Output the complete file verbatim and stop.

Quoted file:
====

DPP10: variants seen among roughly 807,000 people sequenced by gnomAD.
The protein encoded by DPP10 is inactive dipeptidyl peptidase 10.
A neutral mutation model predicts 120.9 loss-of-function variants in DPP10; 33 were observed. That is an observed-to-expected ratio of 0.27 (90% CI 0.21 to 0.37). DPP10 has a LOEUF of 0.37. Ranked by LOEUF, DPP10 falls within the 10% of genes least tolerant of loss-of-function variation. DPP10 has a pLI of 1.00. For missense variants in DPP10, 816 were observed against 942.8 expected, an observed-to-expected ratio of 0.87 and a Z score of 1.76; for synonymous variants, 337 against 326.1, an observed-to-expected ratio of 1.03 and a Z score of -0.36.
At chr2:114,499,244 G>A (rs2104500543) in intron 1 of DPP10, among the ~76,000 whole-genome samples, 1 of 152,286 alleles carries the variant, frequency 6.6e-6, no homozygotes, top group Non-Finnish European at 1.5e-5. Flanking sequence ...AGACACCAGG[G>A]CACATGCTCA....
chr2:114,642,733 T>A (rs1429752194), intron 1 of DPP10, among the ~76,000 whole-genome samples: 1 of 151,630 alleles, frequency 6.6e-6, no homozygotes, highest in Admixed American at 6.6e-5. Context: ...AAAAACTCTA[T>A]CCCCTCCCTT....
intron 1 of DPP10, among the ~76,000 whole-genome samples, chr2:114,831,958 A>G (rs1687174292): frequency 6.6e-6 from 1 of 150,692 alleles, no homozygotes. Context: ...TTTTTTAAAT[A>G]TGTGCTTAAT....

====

DPP10: variants seen among roughly 807,000 people sequenced by gnomAD.
The protein encoded by DPP10 is inactive dipeptidyl peptidase 10.
A neutral mutation model predicts 120.9 loss-of-function variants in DPP10; 33 were observed. That is an observed-to-expected ratio of 0.27 (90% CI 0.21 to 0.37). DPP10 has a LOEUF of 0.37. Ranked by LOEUF, DPP10 falls within the 10% of genes least tolerant of loss-of-function variation. DPP10 has a pLI of 1.00. For missense variants in DPP10, 816 were observed against 942.8 expected, an observed-to-expected ratio of 0.87 and a Z score of 1.76; for synonymous variants, 337 against 326.1, an observed-to-expected ratio of 1.03 and a Z score of -0.36.
At chr2:114,499,244 G>A (rs2104500543) in intron 1 of DPP10, among the ~76,000 whole-genome samples, 1 of 152,286 alleles carries the variant, frequency 6.6e-6, no homozygotes, top group Non-Finnish European at 1.5e-5. Flanking sequence ...AGACACCAGG[G>A]CACATGCTCA....
chr2:114,642,733 T>A (rs1429752194), intron 1 of DPP10, among the ~76,000 whole-genome samples: 1 of 151,630 alleles, frequency 6.6e-6, no homozygotes, highest in Admixed American at 6.6e-5. Context: ...AAAAACTCTA[T>A]CCCCTCCCTT....
intron 1 of DPP10, among the ~76,000 whole-genome samples, chr2:114,831,958 A>G (rs1687174292): frequency 6.6e-6 from 1 of 150,692 alleles, no homozygotes. Context: ...TTTTTTAAAT[A>G]TGTGCTTAAT....